Headlines: September 8th, 2005

The Government is facing a call this morning to build an extra 60,000 new social rented homes by 2011 at a cost of 1.25 billion pounds. In a hard-hitting report ‘Building hope: The case for more homes now’, the housing charity Shelter says it is time to confront the full reality of the country’s housing crisis. The report warns that without these new homes, Ministers will not deliver on the recommendations of the Treasury-commissioned Barker Review of housing supply and will fail to reach their own target to halve the number of people in temporary accommodation by 2010.The report is based on research conducted for Shelter by leading Cambridge academics. It sets out the definitive picture of housing need across the country. Based on its findings, Shelter estimates that if the Government funds the new homes, tens of thousands of children could be lifted out of bad housing. The charity is calling on Gordon Brown to commit to building the additional homes in the pre-budget report in November, when a formal response to the Barker Review is expected. Shelter is calling on members of the public to show their support for ‘More Homes Now!’ by signing campaign cards that can be presented to Gordon Brown.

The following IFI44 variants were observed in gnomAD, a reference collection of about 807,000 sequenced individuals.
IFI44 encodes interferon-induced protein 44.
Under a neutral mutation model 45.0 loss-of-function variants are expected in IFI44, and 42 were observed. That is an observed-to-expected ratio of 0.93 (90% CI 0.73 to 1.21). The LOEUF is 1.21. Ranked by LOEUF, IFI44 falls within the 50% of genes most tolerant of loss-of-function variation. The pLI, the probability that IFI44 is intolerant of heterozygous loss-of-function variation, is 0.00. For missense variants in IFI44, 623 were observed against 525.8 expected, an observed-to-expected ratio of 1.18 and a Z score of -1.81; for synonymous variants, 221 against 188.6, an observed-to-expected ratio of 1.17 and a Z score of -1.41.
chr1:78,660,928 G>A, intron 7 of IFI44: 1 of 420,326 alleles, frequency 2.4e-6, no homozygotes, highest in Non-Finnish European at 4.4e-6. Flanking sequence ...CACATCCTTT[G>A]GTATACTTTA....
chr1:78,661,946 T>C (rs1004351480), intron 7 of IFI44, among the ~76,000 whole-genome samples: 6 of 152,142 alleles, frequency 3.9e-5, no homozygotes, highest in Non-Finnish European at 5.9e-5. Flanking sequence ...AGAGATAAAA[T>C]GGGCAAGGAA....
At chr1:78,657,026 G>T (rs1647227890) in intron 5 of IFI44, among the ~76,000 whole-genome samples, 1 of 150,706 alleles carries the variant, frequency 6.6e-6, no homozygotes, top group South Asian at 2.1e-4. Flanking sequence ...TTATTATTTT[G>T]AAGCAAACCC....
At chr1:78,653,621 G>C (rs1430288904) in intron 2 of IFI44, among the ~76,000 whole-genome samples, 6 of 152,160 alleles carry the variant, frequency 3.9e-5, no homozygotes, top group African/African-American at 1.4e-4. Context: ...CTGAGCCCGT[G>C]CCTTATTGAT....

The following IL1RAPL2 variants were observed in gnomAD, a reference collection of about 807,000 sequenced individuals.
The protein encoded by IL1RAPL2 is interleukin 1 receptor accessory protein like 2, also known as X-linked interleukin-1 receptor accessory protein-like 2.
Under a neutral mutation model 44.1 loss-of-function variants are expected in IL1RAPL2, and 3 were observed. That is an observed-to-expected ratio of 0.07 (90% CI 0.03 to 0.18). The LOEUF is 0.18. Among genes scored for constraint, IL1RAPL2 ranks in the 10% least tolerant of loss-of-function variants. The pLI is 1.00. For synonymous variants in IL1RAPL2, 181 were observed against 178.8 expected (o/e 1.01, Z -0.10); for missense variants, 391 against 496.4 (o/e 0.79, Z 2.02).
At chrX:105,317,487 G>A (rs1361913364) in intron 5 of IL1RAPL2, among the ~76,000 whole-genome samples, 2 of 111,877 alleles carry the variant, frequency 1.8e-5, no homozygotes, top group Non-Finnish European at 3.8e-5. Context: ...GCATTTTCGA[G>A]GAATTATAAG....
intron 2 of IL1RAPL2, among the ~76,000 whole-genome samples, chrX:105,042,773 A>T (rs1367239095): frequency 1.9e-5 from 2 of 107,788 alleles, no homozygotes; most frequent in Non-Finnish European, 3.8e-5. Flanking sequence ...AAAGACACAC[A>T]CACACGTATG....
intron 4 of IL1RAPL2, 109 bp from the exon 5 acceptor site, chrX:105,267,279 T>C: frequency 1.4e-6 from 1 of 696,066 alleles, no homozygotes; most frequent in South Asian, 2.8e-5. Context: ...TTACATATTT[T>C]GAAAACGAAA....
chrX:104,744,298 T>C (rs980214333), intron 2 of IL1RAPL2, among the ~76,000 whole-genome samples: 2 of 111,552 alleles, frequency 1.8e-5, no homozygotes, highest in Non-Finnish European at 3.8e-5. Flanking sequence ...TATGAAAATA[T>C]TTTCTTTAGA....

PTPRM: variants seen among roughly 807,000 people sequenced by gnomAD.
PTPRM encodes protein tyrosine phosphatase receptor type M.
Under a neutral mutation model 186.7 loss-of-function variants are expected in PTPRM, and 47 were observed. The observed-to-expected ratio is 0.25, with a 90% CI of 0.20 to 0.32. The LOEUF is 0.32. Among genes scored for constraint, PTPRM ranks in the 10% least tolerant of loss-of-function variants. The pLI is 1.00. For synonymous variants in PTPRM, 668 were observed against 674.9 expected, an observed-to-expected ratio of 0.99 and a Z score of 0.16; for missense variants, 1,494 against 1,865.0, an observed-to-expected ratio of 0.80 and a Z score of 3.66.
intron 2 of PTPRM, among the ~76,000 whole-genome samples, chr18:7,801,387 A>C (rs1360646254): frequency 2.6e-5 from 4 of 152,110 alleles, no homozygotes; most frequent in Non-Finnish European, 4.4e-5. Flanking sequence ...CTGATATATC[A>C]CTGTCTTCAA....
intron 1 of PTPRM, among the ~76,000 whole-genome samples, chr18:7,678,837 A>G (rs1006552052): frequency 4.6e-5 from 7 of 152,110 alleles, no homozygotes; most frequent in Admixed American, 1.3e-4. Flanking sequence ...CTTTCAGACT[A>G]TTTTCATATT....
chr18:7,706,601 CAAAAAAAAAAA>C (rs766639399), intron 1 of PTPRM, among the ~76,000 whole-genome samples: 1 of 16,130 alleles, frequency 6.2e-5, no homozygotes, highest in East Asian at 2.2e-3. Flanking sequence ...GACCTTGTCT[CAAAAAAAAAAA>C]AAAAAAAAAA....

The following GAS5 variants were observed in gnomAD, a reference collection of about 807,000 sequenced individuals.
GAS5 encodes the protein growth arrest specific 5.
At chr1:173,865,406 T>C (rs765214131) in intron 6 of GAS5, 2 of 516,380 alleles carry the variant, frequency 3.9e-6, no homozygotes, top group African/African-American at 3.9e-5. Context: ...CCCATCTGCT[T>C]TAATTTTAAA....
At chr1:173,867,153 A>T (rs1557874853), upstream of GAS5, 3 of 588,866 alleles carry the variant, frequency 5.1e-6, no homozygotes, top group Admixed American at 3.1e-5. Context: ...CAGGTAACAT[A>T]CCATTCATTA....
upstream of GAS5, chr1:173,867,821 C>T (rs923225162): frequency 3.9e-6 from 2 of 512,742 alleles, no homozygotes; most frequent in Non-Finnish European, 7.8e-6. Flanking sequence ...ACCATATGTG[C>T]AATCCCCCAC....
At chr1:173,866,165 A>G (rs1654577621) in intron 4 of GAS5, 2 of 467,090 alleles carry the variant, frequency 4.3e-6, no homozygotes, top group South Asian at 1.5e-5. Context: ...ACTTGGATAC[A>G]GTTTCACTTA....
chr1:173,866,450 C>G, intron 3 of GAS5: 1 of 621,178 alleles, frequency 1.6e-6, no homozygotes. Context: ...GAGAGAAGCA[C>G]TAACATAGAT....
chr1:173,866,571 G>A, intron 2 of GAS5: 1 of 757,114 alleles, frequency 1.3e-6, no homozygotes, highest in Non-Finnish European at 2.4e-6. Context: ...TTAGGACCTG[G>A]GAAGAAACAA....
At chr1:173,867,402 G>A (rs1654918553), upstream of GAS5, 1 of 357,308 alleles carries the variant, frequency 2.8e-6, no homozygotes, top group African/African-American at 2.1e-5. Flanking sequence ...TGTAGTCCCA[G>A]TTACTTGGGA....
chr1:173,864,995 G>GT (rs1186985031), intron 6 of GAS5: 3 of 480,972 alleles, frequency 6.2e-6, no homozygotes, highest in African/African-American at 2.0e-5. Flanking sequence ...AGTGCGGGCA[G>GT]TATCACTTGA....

Adam Sampson, Director of Shelter, said, “Sixty thousand extra homes requires major investment but it could mean 150,000 children no longer suffering in housing that damages their health, education and future prospects. The true extent of housing need is even greater, but building these homes now would be the first vital step so desperately needed.”

There charity says that current plans envisage 30,000 social rented homes being built each year between 2008 and 2011 and it is calling for an additional 20,000 to be constructed each year over the same period.

The report marks the beginning of the next phase of Shelter’s ‘Million Children Campaign’, which has highlighted the plight of the more than one million children living in bad housing. More than 116,000 of these are homeless in temporary accommodation and 900,000 live in overcrowded conditions. The campaign says these circumstances are ruining the children’s health, education and future prospects and the charity is calling on the Government to end bad housing for the next generation of children.